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The French Revolution "Bourgeois" Phase: 1789-1792.

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Presentation on theme: "The French Revolution "Bourgeois" Phase: 1789-1792."— Presentation transcript:

1 The French Revolution "Bourgeois" Phase:

2 -- Charles Dickens A Tale of Two Cities
It was the best of times, it was the worst of times, it was the age of wisdom, it was the age of foolishness, it was the epoch of belief, it was the epoch of incredulity… -- Charles Dickens A Tale of Two Cities

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4 Marie Antoinette & Louis XVI
The French Monarchy: Marie Antoinette & Louis XVI

5 Marie Antoinette and the Royal Children

6 Marie Antoinette’s “Peasant Cottage”

7 Marie Antoinette’s “Peasant Cottage”

8 Causes of the Fr Rev Long Term causes Breakdown of the old order
The 3 Estate system Class conflict Ideals of the Enlightenment Enlightenmetn ideas Success of American Revolution liberty equality and democracy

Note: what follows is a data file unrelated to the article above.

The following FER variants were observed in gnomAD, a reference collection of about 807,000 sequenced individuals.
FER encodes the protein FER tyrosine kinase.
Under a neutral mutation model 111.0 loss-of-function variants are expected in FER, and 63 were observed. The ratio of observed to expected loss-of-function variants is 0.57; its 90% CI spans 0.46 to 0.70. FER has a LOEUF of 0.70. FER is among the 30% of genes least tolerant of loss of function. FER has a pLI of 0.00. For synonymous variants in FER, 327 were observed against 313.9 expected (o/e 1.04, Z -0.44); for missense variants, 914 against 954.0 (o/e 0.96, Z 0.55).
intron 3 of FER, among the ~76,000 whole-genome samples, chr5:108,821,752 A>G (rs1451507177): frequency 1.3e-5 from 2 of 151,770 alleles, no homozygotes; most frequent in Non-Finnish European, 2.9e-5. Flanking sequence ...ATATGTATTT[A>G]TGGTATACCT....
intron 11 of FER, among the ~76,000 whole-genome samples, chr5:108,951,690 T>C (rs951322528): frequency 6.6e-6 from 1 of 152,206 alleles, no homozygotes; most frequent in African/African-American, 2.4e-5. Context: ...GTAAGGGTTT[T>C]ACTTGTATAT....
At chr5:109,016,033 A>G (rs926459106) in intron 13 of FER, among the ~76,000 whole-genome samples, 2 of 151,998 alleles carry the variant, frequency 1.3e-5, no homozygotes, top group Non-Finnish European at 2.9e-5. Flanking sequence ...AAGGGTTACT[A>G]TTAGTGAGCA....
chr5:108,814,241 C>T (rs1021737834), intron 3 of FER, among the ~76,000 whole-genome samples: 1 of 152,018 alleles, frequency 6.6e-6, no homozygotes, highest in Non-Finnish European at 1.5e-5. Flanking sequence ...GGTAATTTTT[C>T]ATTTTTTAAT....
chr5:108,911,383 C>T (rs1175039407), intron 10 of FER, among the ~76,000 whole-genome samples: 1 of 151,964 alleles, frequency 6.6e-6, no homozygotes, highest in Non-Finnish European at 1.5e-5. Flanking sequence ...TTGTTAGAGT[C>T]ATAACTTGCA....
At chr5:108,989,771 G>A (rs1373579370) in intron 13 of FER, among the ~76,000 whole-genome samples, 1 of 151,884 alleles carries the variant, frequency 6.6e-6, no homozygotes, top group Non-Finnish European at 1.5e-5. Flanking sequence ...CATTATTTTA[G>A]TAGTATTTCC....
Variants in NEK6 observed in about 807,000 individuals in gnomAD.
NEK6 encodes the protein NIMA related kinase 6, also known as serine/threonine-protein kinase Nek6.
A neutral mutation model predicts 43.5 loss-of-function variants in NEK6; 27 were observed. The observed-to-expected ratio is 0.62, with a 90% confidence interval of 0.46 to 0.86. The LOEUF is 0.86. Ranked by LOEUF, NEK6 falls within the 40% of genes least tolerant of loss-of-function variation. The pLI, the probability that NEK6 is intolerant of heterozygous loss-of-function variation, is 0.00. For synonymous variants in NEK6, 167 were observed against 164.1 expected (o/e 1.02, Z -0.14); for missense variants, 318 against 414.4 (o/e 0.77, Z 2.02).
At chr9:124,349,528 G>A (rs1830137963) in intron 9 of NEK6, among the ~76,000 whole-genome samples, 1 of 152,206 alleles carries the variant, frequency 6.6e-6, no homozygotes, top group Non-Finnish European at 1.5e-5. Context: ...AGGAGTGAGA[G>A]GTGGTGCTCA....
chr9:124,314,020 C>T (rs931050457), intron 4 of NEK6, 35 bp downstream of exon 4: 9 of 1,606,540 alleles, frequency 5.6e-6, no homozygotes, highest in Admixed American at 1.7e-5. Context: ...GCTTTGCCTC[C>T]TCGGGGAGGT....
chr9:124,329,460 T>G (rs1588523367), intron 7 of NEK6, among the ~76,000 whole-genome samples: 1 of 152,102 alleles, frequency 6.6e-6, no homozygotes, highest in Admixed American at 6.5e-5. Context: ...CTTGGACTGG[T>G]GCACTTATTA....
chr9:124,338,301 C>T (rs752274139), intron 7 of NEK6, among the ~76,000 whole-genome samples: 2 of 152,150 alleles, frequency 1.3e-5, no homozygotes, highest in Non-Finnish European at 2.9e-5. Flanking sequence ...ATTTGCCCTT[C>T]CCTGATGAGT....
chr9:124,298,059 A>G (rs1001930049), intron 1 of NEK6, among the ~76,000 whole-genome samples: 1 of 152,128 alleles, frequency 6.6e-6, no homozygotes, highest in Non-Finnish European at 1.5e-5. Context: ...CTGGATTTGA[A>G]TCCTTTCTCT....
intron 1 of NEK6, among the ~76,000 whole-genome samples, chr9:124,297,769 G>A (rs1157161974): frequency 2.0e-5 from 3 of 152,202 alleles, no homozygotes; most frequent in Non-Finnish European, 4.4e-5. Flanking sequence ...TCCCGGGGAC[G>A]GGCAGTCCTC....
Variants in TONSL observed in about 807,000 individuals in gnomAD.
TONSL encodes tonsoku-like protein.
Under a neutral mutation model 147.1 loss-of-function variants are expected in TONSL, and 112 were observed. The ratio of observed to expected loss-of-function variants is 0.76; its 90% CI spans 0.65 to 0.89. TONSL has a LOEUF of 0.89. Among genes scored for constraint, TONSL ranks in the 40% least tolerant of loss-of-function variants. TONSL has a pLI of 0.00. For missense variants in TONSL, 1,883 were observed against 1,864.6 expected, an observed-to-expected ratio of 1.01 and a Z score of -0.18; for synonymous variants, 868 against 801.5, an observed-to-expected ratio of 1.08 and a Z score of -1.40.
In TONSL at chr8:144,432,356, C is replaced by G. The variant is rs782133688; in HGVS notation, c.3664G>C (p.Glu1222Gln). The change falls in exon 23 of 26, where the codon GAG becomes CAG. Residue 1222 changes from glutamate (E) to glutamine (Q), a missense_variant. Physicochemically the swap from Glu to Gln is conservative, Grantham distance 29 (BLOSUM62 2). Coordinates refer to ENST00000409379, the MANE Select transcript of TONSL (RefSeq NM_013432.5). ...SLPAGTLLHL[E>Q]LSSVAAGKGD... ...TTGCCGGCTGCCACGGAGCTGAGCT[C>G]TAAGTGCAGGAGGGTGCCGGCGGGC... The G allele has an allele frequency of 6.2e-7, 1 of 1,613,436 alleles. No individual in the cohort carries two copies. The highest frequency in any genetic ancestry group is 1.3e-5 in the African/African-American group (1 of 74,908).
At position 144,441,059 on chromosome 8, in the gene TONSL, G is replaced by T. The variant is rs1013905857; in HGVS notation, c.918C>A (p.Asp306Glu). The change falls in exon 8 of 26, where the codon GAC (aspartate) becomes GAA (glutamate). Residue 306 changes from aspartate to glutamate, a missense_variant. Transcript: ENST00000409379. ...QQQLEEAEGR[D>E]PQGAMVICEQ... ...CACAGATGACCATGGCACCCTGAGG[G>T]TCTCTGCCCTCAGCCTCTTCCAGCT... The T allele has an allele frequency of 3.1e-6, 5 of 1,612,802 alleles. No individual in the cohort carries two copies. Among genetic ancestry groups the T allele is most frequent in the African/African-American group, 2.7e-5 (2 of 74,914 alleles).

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10 Immediate Causes Money Taxes, taxes, taxes Weak leader Nearly bankrupt
Poorest classes pay for gov’t Inflation Taxes, taxes, taxes Weak leader

11 Socio-Economic Data, 1789 So…

12 The French Urban Poor

13 Financial Problems in France, 1789
Urban Commoner’s Budget: Food % Rent % Tithe % Taxes % Clothing 20% TOTAL 170% King’s Budget: Interest % Army % Versailles 25% Coronation 10% Loans % Admin % TOTAL % Economic decline Cost of living rose and taxes made it difficult for m/c to make a profit

14 French Budget, 1774

15 MORE PROBLEMS THE KING VS. THE NOBILITY
An ongoing struggle between the king and the nobility reached its peak in when the nobility refused to pay taxes. France was a bankrupt nation of rich nobles.

16 STILL MORE PROBLEMS THE KING VS. THE PEOPLE
The king was very out of touch with the common people. The peasants bore the burden of taxation for the French nation and many were suffering greatly.

17 Where is the tax money?

18 THE FRENCH FINANCIAL CRISIS OF THE 1780’S
NECKER’S (D-G ) REPORT OF 1781: If America would pay its war debts, France would have a surplus. 41% of the royal budget went to provide money for court favorites and royal pensions. THE NOBILITY HAS NECKER FIRED.

19 Ancien Regime Map, 1789

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21 Weak Leader Indecisive Madam Deficit

22 Popular Cartoon of the Plight of the Third Estate

23 Estates General called
Cahiers de doleances- list of grievances

24 The Suggested Voting Pattern: Voting by Estates
Clergy 1st Estate 1 Aristocracy 2nd Estate 1 1 Commoners 3rd Estate Louis XIV insisted that the ancient distinction of the three orders be conserved in its entirety.

25 The Number of Representatives in the Estates General: Vote by Head!